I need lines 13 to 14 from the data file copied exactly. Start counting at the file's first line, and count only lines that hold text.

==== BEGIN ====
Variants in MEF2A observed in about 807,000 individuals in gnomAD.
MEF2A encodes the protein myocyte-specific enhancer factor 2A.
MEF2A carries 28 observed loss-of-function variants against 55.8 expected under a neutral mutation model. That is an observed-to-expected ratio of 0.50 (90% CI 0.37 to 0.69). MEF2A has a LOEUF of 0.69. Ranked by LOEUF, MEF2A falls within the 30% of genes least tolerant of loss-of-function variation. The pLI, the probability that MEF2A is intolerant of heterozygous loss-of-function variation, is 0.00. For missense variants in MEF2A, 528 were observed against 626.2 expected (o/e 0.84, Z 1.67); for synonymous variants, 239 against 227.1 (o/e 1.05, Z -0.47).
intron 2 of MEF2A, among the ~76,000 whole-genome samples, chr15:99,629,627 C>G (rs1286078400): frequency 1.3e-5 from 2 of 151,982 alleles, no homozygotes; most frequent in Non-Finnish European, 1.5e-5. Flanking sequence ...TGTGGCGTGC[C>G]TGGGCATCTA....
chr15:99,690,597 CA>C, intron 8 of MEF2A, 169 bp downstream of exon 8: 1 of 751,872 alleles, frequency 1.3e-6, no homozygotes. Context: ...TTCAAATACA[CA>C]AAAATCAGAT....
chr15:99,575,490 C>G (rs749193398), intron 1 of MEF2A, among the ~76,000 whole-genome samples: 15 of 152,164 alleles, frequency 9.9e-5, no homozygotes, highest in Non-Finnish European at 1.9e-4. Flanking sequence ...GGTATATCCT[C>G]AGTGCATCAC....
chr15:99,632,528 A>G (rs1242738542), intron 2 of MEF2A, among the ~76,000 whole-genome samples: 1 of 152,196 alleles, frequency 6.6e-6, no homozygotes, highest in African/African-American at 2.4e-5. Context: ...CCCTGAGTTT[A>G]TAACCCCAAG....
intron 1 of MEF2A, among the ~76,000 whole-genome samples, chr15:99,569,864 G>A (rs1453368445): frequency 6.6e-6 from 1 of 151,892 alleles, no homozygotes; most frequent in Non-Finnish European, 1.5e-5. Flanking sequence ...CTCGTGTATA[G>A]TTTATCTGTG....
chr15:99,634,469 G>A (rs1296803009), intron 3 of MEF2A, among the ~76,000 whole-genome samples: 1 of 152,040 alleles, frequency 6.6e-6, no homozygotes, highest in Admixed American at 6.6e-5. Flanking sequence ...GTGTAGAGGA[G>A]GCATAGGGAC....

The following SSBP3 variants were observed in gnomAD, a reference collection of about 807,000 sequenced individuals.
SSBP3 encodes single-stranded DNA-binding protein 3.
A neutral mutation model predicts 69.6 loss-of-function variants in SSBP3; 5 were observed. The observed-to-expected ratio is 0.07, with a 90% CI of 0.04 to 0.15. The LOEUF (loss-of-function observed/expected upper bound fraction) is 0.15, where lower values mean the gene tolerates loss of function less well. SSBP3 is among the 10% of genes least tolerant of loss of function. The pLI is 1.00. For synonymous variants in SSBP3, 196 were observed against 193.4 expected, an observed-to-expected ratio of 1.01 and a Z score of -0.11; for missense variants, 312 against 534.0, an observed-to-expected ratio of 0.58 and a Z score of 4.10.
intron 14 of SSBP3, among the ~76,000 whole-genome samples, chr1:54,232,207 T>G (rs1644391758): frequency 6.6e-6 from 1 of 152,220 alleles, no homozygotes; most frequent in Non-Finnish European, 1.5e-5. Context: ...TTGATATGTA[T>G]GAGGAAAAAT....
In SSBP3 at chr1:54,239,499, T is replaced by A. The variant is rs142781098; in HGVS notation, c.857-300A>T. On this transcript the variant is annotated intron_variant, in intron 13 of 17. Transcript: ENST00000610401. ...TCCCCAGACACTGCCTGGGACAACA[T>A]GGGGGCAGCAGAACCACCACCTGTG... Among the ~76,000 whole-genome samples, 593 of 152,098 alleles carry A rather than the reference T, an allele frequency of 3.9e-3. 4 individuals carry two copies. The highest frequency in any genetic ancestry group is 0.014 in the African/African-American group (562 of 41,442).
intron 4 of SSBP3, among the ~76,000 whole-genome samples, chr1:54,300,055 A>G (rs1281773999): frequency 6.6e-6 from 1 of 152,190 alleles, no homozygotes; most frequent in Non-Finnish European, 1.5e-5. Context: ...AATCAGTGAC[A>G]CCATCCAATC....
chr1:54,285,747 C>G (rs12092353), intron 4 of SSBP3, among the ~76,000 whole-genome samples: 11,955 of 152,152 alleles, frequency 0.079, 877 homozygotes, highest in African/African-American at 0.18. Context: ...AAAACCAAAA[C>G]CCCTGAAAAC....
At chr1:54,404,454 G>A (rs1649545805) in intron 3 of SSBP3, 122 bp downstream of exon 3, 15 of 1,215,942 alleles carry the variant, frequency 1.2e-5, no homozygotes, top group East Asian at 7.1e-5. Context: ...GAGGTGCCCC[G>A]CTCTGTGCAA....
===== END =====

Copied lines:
intron 14 of SSBP3, among the ~76,000 whole-genome samples, chr1:54,232,207 T>G (rs1644391758): frequency 6.6e-6 from 1 of 152,220 alleles, no homozygotes; most frequent in Non-Finnish European, 1.5e-5. Context: ...TTGATATGTA[T>G]GAGGAAAAAT....
In SSBP3 at chr1:54,239,499, T is replaced by A. The variant is rs142781098; in HGVS notation, c.857-300A>T. On this transcript the variant is annotated intron_variant, in intron 13 of 17. Transcript: ENST00000610401. ...TCCCCAGACACTGCCTGGGACAACA[T>A]GGGGGCAGCAGAACCACCACCTGTG... Among the ~76,000 whole-genome samples, 593 of 152,098 alleles carry A rather than the reference T, an allele frequency of 3.9e-3. 4 individuals carry two copies. The highest frequency in any genetic ancestry group is 0.014 in the African/African-American group (562 of 41,442).